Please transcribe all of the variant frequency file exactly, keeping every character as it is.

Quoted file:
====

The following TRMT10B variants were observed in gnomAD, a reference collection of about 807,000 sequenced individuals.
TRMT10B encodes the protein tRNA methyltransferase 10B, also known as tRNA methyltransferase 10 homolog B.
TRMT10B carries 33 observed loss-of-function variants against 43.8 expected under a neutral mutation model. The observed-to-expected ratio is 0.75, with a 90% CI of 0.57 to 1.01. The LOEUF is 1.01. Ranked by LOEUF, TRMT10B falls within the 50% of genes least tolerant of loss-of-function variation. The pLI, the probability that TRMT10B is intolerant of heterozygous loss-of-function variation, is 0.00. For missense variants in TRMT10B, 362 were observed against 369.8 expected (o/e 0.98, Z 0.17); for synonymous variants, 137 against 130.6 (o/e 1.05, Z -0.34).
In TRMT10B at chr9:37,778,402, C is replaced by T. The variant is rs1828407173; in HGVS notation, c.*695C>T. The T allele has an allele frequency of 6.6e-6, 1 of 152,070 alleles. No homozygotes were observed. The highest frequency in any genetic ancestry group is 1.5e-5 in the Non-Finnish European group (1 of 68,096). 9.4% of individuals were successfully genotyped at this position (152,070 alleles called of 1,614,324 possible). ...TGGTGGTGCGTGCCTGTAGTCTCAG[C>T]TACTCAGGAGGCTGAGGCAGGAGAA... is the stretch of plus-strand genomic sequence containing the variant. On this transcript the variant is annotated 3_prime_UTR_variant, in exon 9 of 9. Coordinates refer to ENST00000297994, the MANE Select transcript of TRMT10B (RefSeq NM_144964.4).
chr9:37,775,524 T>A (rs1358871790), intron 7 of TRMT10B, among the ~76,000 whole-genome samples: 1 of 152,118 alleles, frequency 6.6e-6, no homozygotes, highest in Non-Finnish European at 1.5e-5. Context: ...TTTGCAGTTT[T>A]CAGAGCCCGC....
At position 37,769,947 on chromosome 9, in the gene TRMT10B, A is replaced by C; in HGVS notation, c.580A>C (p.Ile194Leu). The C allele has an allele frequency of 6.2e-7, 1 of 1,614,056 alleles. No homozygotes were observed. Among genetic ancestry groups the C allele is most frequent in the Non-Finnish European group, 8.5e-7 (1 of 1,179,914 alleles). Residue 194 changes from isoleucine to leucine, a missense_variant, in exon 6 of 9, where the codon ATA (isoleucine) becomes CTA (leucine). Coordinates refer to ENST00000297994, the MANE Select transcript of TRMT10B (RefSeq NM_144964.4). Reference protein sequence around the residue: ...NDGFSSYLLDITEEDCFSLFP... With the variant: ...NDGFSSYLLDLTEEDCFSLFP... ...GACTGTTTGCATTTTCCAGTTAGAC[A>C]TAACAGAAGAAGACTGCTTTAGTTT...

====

The following TRMT10B variants were observed in gnomAD, a reference collection of about 807,000 sequenced individuals.
TRMT10B encodes the protein tRNA methyltransferase 10B, also known as tRNA methyltransferase 10 homolog B.
TRMT10B carries 33 observed loss-of-function variants against 43.8 expected under a neutral mutation model. The observed-to-expected ratio is 0.75, with a 90% CI of 0.57 to 1.01. The LOEUF is 1.01. Ranked by LOEUF, TRMT10B falls within the 50% of genes least tolerant of loss-of-function variation. The pLI, the probability that TRMT10B is intolerant of heterozygous loss-of-function variation, is 0.00. For missense variants in TRMT10B, 362 were observed against 369.8 expected (o/e 0.98, Z 0.17); for synonymous variants, 137 against 130.6 (o/e 1.05, Z -0.34).
In TRMT10B at chr9:37,778,402, C is replaced by T. The variant is rs1828407173; in HGVS notation, c.*695C>T. The T allele has an allele frequency of 6.6e-6, 1 of 152,070 alleles. No homozygotes were observed. The highest frequency in any genetic ancestry group is 1.5e-5 in the Non-Finnish European group (1 of 68,096). 9.4% of individuals were successfully genotyped at this position (152,070 alleles called of 1,614,324 possible). ...TGGTGGTGCGTGCCTGTAGTCTCAG[C>T]TACTCAGGAGGCTGAGGCAGGAGAA... is the stretch of plus-strand genomic sequence containing the variant. On this transcript the variant is annotated 3_prime_UTR_variant, in exon 9 of 9. Coordinates refer to ENST00000297994, the MANE Select transcript of TRMT10B (RefSeq NM_144964.4).
chr9:37,775,524 T>A (rs1358871790), intron 7 of TRMT10B, among the ~76,000 whole-genome samples: 1 of 152,118 alleles, frequency 6.6e-6, no homozygotes, highest in Non-Finnish European at 1.5e-5. Context: ...TTTGCAGTTT[T>A]CAGAGCCCGC....
At position 37,769,947 on chromosome 9, in the gene TRMT10B, A is replaced by C; in HGVS notation, c.580A>C (p.Ile194Leu). The C allele has an allele frequency of 6.2e-7, 1 of 1,614,056 alleles. No homozygotes were observed. Among genetic ancestry groups the C allele is most frequent in the Non-Finnish European group, 8.5e-7 (1 of 1,179,914 alleles). Residue 194 changes from isoleucine to leucine, a missense_variant, in exon 6 of 9, where the codon ATA (isoleucine) becomes CTA (leucine). Coordinates refer to ENST00000297994, the MANE Select transcript of TRMT10B (RefSeq NM_144964.4). Reference protein sequence around the residue: ...NDGFSSYLLDITEEDCFSLFP... With the variant: ...NDGFSSYLLDLTEEDCFSLFP... ...GACTGTTTGCATTTTCCAGTTAGAC[A>C]TAACAGAAGAAGACTGCTTTAGTTT...